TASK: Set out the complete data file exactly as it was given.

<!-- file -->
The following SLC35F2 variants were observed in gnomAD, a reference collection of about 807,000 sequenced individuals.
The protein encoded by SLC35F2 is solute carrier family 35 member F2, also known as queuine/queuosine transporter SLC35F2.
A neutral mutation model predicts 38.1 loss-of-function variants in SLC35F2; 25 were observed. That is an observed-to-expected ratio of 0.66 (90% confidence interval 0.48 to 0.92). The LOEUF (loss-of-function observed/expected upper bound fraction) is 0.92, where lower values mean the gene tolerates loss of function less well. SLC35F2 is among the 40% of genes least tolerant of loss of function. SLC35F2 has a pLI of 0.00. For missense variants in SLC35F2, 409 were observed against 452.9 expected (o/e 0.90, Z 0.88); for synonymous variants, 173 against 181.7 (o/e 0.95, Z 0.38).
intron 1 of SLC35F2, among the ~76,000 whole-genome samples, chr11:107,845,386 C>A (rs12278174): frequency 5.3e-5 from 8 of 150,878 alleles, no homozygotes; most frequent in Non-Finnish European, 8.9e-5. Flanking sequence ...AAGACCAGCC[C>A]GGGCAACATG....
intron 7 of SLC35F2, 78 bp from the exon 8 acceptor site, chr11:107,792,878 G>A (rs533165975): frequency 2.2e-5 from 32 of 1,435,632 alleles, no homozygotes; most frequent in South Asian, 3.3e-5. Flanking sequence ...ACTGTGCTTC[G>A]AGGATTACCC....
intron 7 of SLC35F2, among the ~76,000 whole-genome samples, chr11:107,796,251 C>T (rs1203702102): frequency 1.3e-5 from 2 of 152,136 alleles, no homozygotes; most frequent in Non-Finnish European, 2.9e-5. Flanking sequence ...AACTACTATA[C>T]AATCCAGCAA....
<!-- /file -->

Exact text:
The following SLC35F2 variants were observed in gnomAD, a reference collection of about 807,000 sequenced individuals.
The protein encoded by SLC35F2 is solute carrier family 35 member F2, also known as queuine/queuosine transporter SLC35F2.
A neutral mutation model predicts 38.1 loss-of-function variants in SLC35F2; 25 were observed. That is an observed-to-expected ratio of 0.66 (90% confidence interval 0.48 to 0.92). The LOEUF (loss-of-function observed/expected upper bound fraction) is 0.92, where lower values mean the gene tolerates loss of function less well. SLC35F2 is among the 40% of genes least tolerant of loss of function. SLC35F2 has a pLI of 0.00. For missense variants in SLC35F2, 409 were observed against 452.9 expected (o/e 0.90, Z 0.88); for synonymous variants, 173 against 181.7 (o/e 0.95, Z 0.38).
intron 1 of SLC35F2, among the ~76,000 whole-genome samples, chr11:107,845,386 C>A (rs12278174): frequency 5.3e-5 from 8 of 150,878 alleles, no homozygotes; most frequent in Non-Finnish European, 8.9e-5. Flanking sequence ...AAGACCAGCC[C>A]GGGCAACATG....
intron 7 of SLC35F2, 78 bp from the exon 8 acceptor site, chr11:107,792,878 G>A (rs533165975): frequency 2.2e-5 from 32 of 1,435,632 alleles, no homozygotes; most frequent in South Asian, 3.3e-5. Flanking sequence ...ACTGTGCTTC[G>A]AGGATTACCC....
intron 7 of SLC35F2, among the ~76,000 whole-genome samples, chr11:107,796,251 C>T (rs1203702102): frequency 1.3e-5 from 2 of 152,136 alleles, no homozygotes; most frequent in Non-Finnish European, 2.9e-5. Flanking sequence ...AACTACTATA[C>T]AATCCAGCAA....